The numbers on the diagram correspond to the following steps. These steps give a high-level overview of a call as it moves through a traditional contact center environment:
- A customer calls a contact center. For example, Mr. Brown is a high-balance account holder at the Company. He calls the company’s customer service center because he wants to make an adjustment to his account.
- When the call arrives in the IVR, Mr. Brown is prompted to enter his account number. He enters his account number, account verification information, and proceeds to move through the IVR voice menus. He then selects the option to make an adjustment to his account. Mr. Brown is unsure about updating his account from the IVR and wants to speak with someone to help him make the adjustment.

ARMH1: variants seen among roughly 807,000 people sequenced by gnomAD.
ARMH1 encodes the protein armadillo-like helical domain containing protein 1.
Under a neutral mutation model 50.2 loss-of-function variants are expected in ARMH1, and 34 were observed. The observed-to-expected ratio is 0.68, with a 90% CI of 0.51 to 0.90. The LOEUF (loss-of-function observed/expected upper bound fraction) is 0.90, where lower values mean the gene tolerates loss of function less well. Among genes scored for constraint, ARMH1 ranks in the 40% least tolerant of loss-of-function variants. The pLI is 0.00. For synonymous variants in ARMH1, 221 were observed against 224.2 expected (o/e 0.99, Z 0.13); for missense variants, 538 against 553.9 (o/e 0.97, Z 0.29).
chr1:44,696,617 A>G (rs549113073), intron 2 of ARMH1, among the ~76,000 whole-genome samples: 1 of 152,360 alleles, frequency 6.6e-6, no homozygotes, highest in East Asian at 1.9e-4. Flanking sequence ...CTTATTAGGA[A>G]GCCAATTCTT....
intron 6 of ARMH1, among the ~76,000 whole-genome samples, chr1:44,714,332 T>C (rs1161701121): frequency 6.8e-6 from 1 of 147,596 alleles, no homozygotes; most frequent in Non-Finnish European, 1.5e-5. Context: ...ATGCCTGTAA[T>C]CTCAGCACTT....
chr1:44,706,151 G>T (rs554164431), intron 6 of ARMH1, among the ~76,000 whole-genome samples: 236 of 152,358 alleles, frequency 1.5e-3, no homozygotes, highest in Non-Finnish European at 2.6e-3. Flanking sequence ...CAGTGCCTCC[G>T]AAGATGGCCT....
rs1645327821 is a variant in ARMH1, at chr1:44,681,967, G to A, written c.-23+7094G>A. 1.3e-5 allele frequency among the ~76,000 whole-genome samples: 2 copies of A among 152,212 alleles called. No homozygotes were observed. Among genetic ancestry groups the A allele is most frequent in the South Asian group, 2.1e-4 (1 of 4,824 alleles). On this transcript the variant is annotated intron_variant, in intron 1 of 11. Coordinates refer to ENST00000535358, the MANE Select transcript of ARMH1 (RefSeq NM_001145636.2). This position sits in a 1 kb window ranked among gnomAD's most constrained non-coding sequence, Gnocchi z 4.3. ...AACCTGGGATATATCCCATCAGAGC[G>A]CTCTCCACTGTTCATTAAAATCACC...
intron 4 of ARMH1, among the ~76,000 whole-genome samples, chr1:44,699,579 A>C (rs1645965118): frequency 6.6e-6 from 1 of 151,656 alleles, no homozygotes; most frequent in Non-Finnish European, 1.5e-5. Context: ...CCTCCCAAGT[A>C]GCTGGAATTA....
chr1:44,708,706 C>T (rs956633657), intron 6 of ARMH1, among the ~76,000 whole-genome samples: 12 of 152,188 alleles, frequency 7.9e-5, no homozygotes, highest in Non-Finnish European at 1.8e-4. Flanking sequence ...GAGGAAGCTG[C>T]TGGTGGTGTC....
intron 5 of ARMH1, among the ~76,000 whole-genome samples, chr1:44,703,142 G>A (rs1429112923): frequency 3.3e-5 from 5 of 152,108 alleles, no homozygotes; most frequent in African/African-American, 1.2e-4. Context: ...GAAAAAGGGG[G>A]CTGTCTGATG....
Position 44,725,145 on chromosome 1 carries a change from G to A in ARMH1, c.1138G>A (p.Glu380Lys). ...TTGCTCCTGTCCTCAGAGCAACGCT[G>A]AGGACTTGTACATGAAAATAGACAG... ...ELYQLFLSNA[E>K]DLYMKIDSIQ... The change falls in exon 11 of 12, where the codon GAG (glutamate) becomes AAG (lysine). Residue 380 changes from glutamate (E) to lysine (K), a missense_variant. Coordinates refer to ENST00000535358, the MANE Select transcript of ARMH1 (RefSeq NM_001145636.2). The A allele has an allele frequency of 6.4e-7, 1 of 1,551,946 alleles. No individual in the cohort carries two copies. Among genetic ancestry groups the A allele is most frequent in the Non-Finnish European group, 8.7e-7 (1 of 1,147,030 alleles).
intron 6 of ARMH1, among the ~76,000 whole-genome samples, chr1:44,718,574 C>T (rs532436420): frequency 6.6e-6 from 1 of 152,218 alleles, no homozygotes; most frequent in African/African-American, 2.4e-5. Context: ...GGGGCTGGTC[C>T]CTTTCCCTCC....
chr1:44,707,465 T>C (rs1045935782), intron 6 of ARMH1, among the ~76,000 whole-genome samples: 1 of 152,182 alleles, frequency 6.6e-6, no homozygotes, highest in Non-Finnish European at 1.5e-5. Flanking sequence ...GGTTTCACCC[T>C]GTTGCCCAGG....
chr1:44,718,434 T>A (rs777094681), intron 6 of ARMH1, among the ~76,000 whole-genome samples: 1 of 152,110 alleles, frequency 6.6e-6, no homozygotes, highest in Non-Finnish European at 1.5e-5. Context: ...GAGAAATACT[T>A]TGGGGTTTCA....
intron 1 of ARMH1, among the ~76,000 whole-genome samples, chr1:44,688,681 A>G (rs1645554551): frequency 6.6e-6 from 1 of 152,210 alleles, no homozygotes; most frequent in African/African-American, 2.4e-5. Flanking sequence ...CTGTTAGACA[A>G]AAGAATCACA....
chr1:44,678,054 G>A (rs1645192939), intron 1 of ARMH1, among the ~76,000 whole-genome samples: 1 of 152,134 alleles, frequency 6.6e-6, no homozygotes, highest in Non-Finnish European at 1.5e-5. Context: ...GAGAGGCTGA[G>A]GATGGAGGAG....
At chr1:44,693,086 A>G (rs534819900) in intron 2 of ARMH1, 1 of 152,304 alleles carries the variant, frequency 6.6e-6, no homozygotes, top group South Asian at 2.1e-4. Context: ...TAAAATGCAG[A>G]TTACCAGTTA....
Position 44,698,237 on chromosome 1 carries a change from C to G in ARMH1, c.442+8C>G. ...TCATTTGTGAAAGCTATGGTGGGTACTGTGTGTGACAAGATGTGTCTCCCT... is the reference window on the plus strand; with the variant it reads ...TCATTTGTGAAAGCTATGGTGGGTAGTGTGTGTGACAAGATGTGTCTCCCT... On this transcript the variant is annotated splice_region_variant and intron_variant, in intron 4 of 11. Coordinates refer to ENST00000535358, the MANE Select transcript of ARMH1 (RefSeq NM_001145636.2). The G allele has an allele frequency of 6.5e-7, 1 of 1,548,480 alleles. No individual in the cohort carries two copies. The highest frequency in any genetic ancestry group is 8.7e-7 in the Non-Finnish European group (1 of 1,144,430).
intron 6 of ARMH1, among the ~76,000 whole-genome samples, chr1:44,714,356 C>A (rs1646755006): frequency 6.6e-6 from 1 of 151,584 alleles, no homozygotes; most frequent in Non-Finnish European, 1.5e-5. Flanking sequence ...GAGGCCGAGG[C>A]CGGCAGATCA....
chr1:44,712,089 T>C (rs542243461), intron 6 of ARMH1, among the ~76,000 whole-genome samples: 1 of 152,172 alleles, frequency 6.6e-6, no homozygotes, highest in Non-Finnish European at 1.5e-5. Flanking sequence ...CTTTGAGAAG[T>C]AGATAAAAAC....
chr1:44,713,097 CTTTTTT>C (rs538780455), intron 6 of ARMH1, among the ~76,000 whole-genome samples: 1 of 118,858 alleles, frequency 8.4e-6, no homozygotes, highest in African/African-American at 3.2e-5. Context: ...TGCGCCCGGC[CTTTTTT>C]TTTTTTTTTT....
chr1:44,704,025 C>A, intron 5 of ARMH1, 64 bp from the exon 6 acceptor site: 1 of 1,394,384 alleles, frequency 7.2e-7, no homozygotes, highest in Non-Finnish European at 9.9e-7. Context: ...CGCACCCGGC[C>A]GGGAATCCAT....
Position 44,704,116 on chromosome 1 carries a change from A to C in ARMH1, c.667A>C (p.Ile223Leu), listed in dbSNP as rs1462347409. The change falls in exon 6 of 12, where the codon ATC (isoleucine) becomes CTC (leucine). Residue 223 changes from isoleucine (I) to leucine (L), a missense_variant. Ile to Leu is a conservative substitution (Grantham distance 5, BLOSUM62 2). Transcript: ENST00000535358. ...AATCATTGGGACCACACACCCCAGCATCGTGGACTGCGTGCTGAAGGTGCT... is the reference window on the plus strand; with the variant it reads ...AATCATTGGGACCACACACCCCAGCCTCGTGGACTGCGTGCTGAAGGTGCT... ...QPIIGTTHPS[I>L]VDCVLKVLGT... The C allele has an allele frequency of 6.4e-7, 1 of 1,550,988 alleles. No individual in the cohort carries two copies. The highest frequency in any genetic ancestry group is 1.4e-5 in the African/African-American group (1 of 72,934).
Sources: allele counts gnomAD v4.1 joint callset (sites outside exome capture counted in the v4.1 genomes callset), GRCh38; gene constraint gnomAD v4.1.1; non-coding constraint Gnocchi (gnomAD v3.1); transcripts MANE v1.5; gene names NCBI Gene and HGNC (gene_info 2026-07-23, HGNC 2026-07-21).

- Mr. Brown opts to speak with a Customer Service Representative. The call is transferred from the IVR to the contact center telephone switch (often referred to as a PBX or ACD) where it is routed to queue for an available representative.
- A CSR becomes available and answers the call. The CSR asks Mr. Brown for his account number again before servicing can begin. Mr. Brown must repeat the account information that he has already entered into the IVR, including his account number and personal identification code (PIN number) because the information is not available to the CSR.
From this overview, it is apparent that the traditional contact center is not servicing the customer as effectively and efficiently as possible. When a customer has to repeat information to a CSR that he already entered into a system, it wastes both the customer and the CSR’s time. The result is an unsatisfactory service experience for the customer and increased costs to the company.
Inefficiencies of traditional contact centers can cost a company valuable time, money, and opportunities for building customer relationships.